• 33.
    Jonsson, Cecilia
    et al.
    Work for You, Jönköping, Sweden.
    Andersson Elgmark, Elisabeth
    Jönköping University, School of Health and Welfare, HHJ. CHILD.
    Mild traumatic brain injury: A description of how children and youths between 16 and 18 years of age perform leisure activities after 1 year2013In: Developmental Neurorehabilitation, ISSN 1751-8423, E-ISSN 1751-8431, Vol. 16, no 1, p. 1-8Article in journal (Refereed)
    Abstract [en]

    Objective: The aim is to describe how children and youths perform leisure activities, 1 year after a mild traumatic brain injury (MTBI).

    Methods: Basis is to compile previously collected material; patients were extracted from a prospective randomized controlled trial of MTBI. A retrospective analysis was conducted among 73 children and youths between 16 and 18 years of age. The entire group administrated the Interest Checklist at baseline and at 1-year follow-up.

    Results: Statistical significant difference was found in 31 of 50 different activities. The result showed that children and youths did not return to perform leisure activities. Fewer returned in the intervention group than in the control group.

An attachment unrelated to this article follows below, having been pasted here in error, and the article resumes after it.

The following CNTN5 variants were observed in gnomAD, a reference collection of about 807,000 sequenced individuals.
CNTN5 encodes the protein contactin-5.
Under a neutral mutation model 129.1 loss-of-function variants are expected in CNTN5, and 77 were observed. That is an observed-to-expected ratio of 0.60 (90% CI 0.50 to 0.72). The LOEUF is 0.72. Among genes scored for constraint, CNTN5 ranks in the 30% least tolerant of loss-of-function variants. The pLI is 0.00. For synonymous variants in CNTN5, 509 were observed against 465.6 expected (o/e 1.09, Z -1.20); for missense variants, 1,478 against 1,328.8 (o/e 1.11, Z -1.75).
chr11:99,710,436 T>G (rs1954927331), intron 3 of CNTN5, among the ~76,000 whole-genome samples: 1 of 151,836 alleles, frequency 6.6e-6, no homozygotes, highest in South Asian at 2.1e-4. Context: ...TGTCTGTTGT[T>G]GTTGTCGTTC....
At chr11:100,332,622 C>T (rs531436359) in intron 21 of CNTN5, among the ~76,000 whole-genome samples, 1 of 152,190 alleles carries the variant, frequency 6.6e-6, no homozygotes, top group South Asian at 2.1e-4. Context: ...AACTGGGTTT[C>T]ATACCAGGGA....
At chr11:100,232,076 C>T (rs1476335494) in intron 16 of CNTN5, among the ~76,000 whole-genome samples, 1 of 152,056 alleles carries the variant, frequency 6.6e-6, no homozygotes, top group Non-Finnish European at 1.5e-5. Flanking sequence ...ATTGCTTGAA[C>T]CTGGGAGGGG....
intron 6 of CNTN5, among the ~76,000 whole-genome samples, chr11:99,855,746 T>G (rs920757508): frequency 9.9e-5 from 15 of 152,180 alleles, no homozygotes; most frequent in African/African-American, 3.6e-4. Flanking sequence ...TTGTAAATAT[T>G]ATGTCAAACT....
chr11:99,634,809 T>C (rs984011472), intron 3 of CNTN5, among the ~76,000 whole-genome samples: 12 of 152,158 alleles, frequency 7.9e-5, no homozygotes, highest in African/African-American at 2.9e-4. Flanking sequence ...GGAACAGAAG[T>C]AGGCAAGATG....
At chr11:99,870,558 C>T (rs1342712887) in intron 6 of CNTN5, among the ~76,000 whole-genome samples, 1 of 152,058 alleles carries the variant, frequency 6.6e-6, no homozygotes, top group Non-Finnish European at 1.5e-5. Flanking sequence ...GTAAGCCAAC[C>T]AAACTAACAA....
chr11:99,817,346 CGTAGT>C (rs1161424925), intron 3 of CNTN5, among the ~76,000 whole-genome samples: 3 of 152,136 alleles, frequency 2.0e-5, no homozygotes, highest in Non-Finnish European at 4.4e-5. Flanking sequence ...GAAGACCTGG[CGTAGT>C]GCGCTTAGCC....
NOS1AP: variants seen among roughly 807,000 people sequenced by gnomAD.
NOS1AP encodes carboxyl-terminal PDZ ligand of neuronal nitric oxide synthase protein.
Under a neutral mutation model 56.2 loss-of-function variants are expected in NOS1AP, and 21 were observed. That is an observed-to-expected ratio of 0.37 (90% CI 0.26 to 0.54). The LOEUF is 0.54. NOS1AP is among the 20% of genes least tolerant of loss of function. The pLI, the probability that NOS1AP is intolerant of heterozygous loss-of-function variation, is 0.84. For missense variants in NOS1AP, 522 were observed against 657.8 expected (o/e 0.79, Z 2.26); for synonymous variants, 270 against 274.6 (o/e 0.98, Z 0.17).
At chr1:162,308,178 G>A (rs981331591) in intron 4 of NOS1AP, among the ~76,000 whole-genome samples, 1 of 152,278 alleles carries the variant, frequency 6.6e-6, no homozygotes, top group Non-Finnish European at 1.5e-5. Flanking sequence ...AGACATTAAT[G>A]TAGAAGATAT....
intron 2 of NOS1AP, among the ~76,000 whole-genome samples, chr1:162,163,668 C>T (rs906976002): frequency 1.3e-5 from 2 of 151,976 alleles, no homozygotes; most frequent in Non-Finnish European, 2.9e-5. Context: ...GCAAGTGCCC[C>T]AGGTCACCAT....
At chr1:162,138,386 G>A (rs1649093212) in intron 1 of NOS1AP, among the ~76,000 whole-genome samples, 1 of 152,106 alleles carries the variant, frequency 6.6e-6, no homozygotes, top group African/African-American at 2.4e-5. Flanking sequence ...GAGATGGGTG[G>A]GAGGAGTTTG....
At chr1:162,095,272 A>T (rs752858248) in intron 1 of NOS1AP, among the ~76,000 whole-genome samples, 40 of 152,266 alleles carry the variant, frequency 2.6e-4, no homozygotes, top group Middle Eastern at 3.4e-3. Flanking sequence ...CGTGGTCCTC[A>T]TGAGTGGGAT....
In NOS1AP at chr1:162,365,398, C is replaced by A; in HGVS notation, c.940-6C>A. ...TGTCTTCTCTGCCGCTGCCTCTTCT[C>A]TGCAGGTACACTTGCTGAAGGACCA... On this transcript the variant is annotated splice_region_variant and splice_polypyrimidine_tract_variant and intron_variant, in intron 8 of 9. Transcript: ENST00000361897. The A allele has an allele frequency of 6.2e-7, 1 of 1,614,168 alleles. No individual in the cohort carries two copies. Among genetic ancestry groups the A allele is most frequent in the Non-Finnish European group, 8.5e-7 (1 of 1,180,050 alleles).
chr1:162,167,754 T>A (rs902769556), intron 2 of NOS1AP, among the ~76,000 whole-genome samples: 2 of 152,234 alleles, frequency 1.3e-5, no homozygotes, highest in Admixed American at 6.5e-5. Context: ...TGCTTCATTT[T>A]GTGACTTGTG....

Conclusion: An occupational therapist can help children and youths to have balance in their life and continue a functional life after a MTBI. Continued research is needed, how to prevent MTBI and how to support children and youths to continue with leisure activities.

  • 34.
    Larsen, Louise B.
    et al.
    Jönköping University, School of Health and Welfare, HHJ, Dep. of Rehabilitation. Jönköping University, School of Health and Welfare, HHJ. ADULT.
    Elgmark Andersson, Elisabeth
    Jönköping University, School of Health and Welfare, HHJ, Dep. of Rehabilitation. Jönköping University, School of Health and Welfare, HHJ. CHILD.
    Tranberg, Roy
    Department of Orthopaedics, Institute of Clinical Sciences, University of Gothenburg, PO Sahlgrenska University Hospital, Gothenburg, Sweden.